World AIDS Day 2019

29 Nov 2019

Ed Monk is an RSTMH member and physician from the UK working with MSF in Bihar, India.

World AIDS Day 2019

In the 35 years since its discovery there have been truly remarkable advances in the opportunities for care of people living with HIV. A life of normality is now the goal in many settings, with treatment often consisting of a single pill once a day that is highly effective at controlling viral replication, to the extent that individuals can anticipate to lead a normal healthy life once virally suppressed with zero transmissibility to partners. 

While a focus on high-burden settings can offer the greatest opportunity for absolute health impact, it is important to acknowledge that as our accomplishments build, new populations will continue to emerge as neglected by our efforts, relatively speaking. 

One example is Bihar, India, where MSF has been working since 2007, originally focusing on the treatment of visceral leishmaniasis/HIV co-infection. Through this work, we came to realise that, as a population, people living with advanced HIV in Bihar were particularly vulnerable.

MSF in Bihar, India

In February 2019 MSF opened an inpatient facility in Patna, Bihar’s capital, dedicated to provide comprehensive, holistic care to patients living with advanced HIV. Three central themes are at the focus of this care: 1) access to care, 2) mortality rate reduction through delivery of quality care and 3) patient dignity.

Although the national HIV prevalence of India is low at an estimated 0.22% (2017), it has the third largest absolute number of people living with HIV, after South Africa and Nigeria, at 2.1 million. Bihar, one of India’s largest but also least economically developed states, is home to an estimated 115,000 people living with HIV and is one of the few states that has not seen a decrease in deaths attributable to advanced HIV over the last 15 years, increasing by 31%.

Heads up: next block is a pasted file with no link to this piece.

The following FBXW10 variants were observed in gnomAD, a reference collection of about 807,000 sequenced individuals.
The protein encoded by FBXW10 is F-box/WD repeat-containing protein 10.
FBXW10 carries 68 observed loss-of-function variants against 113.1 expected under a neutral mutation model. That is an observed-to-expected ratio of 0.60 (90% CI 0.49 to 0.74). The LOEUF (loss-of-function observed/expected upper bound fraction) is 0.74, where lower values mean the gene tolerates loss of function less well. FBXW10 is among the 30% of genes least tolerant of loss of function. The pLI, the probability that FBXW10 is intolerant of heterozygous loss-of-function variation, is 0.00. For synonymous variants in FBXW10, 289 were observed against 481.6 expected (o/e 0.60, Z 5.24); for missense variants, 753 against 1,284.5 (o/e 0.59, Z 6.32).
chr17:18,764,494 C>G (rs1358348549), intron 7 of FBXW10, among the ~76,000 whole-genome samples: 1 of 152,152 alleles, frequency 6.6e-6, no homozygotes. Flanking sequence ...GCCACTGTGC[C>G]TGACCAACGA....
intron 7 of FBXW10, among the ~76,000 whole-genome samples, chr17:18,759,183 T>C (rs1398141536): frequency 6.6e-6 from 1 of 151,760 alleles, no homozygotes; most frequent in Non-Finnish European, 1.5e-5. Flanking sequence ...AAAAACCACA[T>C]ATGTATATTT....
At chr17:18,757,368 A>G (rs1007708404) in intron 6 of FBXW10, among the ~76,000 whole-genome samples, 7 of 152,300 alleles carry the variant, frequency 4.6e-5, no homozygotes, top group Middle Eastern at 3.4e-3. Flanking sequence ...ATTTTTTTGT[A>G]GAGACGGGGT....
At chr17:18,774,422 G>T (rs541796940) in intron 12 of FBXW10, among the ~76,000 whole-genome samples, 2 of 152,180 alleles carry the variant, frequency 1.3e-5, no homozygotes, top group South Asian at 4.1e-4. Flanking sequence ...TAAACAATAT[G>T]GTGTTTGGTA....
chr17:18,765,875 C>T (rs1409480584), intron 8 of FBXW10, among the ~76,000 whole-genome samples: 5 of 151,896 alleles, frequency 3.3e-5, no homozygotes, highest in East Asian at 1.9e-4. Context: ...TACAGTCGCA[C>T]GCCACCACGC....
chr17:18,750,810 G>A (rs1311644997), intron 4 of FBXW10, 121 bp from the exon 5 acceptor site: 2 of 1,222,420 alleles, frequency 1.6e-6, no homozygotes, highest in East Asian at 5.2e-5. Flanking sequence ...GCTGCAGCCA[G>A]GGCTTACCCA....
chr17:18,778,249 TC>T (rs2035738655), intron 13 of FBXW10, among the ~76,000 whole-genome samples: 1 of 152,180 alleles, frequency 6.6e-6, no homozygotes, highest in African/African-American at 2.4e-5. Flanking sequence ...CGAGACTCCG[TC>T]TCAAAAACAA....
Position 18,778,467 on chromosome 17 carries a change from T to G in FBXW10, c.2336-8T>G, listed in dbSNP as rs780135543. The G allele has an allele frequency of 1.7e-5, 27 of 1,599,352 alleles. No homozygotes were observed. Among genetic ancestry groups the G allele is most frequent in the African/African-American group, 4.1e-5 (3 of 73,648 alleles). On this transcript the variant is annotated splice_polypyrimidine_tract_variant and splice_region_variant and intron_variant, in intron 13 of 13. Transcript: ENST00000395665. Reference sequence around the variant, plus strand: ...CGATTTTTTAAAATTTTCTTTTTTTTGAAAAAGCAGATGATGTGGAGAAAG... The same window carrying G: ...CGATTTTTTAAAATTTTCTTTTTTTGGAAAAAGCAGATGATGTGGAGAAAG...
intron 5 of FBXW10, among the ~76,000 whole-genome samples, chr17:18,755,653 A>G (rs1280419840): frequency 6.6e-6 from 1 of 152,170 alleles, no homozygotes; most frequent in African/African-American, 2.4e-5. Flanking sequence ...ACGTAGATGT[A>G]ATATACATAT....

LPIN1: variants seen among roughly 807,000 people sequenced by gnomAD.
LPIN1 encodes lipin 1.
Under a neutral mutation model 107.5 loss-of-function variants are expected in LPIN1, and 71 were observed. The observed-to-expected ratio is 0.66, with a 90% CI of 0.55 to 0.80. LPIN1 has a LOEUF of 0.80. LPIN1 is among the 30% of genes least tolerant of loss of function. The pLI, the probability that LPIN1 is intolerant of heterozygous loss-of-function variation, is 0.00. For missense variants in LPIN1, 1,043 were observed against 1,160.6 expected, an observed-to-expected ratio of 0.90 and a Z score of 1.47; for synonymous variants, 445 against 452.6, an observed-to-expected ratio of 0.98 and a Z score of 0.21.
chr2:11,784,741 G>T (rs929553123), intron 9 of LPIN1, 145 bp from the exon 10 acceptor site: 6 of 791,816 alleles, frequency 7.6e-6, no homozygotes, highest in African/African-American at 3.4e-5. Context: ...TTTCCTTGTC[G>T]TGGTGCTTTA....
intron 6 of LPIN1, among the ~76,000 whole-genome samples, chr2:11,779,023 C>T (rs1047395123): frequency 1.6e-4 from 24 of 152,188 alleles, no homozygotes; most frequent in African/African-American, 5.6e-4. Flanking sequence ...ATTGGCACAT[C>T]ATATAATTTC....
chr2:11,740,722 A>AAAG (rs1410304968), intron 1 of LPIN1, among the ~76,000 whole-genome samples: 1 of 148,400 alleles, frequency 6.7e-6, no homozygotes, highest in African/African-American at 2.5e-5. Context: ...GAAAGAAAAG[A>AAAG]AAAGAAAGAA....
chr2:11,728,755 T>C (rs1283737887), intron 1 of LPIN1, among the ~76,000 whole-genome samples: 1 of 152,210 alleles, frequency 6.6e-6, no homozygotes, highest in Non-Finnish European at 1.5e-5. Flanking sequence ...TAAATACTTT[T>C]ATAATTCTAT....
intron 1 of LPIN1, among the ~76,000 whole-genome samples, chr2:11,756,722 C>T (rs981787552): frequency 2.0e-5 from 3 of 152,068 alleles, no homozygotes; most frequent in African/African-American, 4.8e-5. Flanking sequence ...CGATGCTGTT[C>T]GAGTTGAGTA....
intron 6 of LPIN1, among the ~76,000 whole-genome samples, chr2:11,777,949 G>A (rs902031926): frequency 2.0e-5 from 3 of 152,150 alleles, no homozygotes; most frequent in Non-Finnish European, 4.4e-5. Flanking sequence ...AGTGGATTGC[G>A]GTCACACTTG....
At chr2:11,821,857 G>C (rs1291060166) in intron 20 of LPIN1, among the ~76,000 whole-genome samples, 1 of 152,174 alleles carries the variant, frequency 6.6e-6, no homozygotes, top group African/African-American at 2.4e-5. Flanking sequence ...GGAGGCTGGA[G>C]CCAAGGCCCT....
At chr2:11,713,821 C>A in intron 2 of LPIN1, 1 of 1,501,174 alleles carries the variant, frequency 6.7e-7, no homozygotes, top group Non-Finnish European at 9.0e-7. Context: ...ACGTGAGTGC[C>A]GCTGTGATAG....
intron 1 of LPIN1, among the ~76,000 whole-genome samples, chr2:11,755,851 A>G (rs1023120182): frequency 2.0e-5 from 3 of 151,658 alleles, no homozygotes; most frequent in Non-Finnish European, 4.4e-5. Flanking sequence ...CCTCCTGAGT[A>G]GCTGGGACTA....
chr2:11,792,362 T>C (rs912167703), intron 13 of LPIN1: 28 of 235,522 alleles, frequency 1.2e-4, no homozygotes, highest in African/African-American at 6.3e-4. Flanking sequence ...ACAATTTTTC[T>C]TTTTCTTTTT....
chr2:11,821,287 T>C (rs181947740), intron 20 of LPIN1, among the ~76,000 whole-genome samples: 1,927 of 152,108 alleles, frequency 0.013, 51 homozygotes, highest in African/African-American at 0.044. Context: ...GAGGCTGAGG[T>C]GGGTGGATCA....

The population of Bihar has a relatively poor access to healthcare compared to many states in the country and by living with a chronic condition requiring life-long medication in such a setting, complicated by community and healthcare-based stigma, it is no wonder that many patients referred to our services report significant physical and emotional suffering. 

Stigma, discrimination and access to healthcare

The people we see in our 36 bed unit frequently recount a tortuous journey with difficulty accessing regular inpatient services, reporting that healthcare professionals have denied them access to care through fear of the negative impact that caring for a patient with HIV will have upon their practice and/or health.

This behaviour is appreciable in everyday practice. I have known patients to be refused emergency department assessment, publicly humiliated by being shouted out of a clinic (by medical staff) and denied access to life-saving surgery. Sadly, each of these events are of no surprise to our patients and national staff, despite there being a law against the denial of treatment to patients living with HIV.

This compound stigma from healthcare professionals is rarely challenged, leading to a discrimination that is present across all levels of care in Bihar. As a result, patients frequently present to ART (anti-retroviral therapy) centres in times of medical crisis, despite there rarely being inpatient capacity. Our unit provides a place from which to deliver essential care in such circumstances.

Access to diagnostics and treatment

The provision of care specific to advanced HIV is governed by national and international organisations and working groups, determining the availability and supply of diagnostics and medications. Although many advances have been made in international policy development, including drug supply advocacy and assurance, it takes time for these to filter down to national, regional and community levels, creating gaps in healthcare delivery with each stage of delay.